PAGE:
And in all of this, some of the NetCore commitments in terms of meetings (internal and external) are still there. There, I am trying to let others take more and more of the decisions, and yet be around in case I am needed. It is not easy letting go. Luckily, in may cases, I have no choice. Maybe, I will finally learn delegation!

I really wish many more of us would take these kinds of opportunities — to bring about change, one needs to first understand how things function. Some commented on my post yesterday that I should be supporting a new political party. Consider the realities of Indian politics — there have been only two new national parties that have really emerged in the past 30 years (BJP and BSP). Change in India cannot wait for another generation. We have to work with one of the two national parties, and bring our mindset and skills to help them do things better.

These elections offer a great opportunity to do an ‘internship.’ Indian elections will be over by early May, so its only a couple more months that are left. I am sure both the Congress and the BJP can do with all the help people like us can provide. We may have our issues with both parties, but they remain the only real options for India at this point of time. So, if you can do it, take the first step. Leave ego at the door, and go to work with an attitude to learn. We will end up with a better understanding of what makes India run. And that is what will help us bring about the change India needs — not in a generation, but between two elections.

Friends of BJP

Since writing the “I Support the BJP” post a month or so ago, many of us have been working together as part of a group called “Friends of BJP” with the underlying belief that India Deserves Better. The goal is to galvanise the youth and professionals to engage with the political process to bring about transformational change in India.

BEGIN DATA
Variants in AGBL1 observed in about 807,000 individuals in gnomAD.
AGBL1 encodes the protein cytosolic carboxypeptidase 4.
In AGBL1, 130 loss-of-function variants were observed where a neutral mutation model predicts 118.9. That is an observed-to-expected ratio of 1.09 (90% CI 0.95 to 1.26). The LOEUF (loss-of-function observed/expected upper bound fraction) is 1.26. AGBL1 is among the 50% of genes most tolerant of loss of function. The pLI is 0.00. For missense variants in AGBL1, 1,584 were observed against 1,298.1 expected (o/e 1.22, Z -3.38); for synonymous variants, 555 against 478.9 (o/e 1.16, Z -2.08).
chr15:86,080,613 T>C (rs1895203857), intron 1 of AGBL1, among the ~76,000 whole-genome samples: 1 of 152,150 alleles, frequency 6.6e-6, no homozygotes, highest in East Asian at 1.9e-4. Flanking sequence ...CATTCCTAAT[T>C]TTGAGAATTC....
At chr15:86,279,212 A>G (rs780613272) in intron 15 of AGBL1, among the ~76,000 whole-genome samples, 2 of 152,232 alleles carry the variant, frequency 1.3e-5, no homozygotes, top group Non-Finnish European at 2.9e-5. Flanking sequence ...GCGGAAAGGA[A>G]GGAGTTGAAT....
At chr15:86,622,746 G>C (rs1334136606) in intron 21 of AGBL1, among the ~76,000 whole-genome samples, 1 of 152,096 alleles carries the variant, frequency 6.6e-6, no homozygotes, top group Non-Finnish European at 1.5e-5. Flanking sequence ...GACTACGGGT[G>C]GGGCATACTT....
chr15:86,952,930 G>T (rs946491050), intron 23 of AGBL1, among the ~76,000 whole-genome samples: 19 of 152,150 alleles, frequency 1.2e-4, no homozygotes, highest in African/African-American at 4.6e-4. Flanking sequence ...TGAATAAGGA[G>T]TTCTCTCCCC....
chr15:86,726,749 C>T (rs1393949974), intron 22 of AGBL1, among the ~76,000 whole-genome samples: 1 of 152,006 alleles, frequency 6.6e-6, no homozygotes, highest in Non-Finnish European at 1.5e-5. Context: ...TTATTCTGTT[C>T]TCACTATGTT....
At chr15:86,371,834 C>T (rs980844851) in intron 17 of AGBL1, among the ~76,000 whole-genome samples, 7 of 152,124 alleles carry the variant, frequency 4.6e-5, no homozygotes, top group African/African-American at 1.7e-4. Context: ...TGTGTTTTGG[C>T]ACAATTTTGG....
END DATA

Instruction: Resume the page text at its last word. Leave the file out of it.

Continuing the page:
The Friends of BJP is a subset of the educated civil society that is BJP-leaning, and willing to be vocal about it. We are not part of the BJP. We also do not agree with everything the BJP says or does. It is our belief that at this point of time the BJP is the better alternative. It is not a selection between black and white, but opting for the one with the lighter shades of grey.

We intend to support the BJP in 3 ways:

  • OUTREACH: helping grow virally support of the BJP via the use of social media (mobile and online) and drawing room meetings.
  • IDEAS BANK: provide a channel for members to channel inputs in multiple disciplines for the manifesto and to the BJP leadership
  • VOTES and SEATS: help the BJP win more (urban) seats by using the assistance of members to get 1 lakh new vote(r)s in every constituency

The event we did at NSCI in Mumbai on Jan 29 saw over 200 people attending. Since then, we have been working to put together many things, and hopefully, we will be able to make a difference in the coming elections. The Friends of BJP website (updated daily) has more information on all that we are doing, along with some insightful perspectives on the political landscape from some of us.

We are also organising two interaction meetings with Arun Jaitley on Saturday (Feb 28) in Mumbai (10:30 am, Ravindra Natya Mandir, Prabhadevi) and Pune (6 pm, New English School, Tilak Road). Attendance is free and open to all.

To stay in touch with what we are doing, you can do the following:

  • sms 4BJP to 575758 (will only work within India)– we’ve already got 15K subscribers in just two days on this channel
  • send a blank email to sub@friendsofbjp.org to subscribe to the newsletter
  • subscribe to the RSS feed

My hope is to bring forth an emergent democracy with a government that truly works for the people, combined with right, irreversible policies in key areas that fast-tracks India’s development process. Idealism, perhaps. But with the tools of technology (mobile, Internet, social media) now available with us giving us the ability to self-organise, I believe that all our voices will be hard to ignore.